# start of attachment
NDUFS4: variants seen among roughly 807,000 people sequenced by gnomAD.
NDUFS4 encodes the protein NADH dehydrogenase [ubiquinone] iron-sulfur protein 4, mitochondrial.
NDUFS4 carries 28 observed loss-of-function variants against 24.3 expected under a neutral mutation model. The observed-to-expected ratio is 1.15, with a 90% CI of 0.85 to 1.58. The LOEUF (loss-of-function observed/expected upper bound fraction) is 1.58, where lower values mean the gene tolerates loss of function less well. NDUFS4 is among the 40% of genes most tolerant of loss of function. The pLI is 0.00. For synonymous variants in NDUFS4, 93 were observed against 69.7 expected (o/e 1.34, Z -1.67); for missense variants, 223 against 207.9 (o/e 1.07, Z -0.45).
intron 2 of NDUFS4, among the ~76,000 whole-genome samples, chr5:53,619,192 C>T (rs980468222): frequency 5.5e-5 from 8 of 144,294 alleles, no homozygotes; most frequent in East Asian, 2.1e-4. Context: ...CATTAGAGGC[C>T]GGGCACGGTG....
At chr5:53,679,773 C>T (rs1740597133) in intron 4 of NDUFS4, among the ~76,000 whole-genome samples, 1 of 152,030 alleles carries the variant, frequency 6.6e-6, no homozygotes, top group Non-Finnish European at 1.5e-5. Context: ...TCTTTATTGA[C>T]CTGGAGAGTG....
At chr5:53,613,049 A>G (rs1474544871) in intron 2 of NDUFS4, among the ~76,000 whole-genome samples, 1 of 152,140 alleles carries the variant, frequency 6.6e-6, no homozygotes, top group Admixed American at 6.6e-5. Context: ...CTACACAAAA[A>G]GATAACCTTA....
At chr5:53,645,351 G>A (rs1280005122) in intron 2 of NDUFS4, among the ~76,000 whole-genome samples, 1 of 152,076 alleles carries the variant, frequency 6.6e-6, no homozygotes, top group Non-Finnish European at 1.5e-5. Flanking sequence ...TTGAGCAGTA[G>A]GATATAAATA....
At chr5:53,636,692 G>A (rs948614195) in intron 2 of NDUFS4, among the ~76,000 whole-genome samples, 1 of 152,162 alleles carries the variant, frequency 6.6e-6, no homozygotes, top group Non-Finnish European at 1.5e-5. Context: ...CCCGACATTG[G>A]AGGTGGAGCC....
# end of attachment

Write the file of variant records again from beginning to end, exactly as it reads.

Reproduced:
NDUFS4: variants seen among roughly 807,000 people sequenced by gnomAD.
NDUFS4 encodes the protein NADH dehydrogenase [ubiquinone] iron-sulfur protein 4, mitochondrial.
NDUFS4 carries 28 observed loss-of-function variants against 24.3 expected under a neutral mutation model. The observed-to-expected ratio is 1.15, with a 90% CI of 0.85 to 1.58. The LOEUF (loss-of-function observed/expected upper bound fraction) is 1.58, where lower values mean the gene tolerates loss of function less well. NDUFS4 is among the 40% of genes most tolerant of loss of function. The pLI is 0.00. For synonymous variants in NDUFS4, 93 were observed against 69.7 expected (o/e 1.34, Z -1.67); for missense variants, 223 against 207.9 (o/e 1.07, Z -0.45).
intron 2 of NDUFS4, among the ~76,000 whole-genome samples, chr5:53,619,192 C>T (rs980468222): frequency 5.5e-5 from 8 of 144,294 alleles, no homozygotes; most frequent in East Asian, 2.1e-4. Context: ...CATTAGAGGC[C>T]GGGCACGGTG....
At chr5:53,679,773 C>T (rs1740597133) in intron 4 of NDUFS4, among the ~76,000 whole-genome samples, 1 of 152,030 alleles carries the variant, frequency 6.6e-6, no homozygotes, top group Non-Finnish European at 1.5e-5. Context: ...TCTTTATTGA[C>T]CTGGAGAGTG....
At chr5:53,613,049 A>G (rs1474544871) in intron 2 of NDUFS4, among the ~76,000 whole-genome samples, 1 of 152,140 alleles carries the variant, frequency 6.6e-6, no homozygotes, top group Admixed American at 6.6e-5. Context: ...CTACACAAAA[A>G]GATAACCTTA....
At chr5:53,645,351 G>A (rs1280005122) in intron 2 of NDUFS4, among the ~76,000 whole-genome samples, 1 of 152,076 alleles carries the variant, frequency 6.6e-6, no homozygotes, top group Non-Finnish European at 1.5e-5. Flanking sequence ...TTGAGCAGTA[G>A]GATATAAATA....
At chr5:53,636,692 G>A (rs948614195) in intron 2 of NDUFS4, among the ~76,000 whole-genome samples, 1 of 152,162 alleles carries the variant, frequency 6.6e-6, no homozygotes, top group Non-Finnish European at 1.5e-5. Context: ...CCCGACATTG[G>A]AGGTGGAGCC....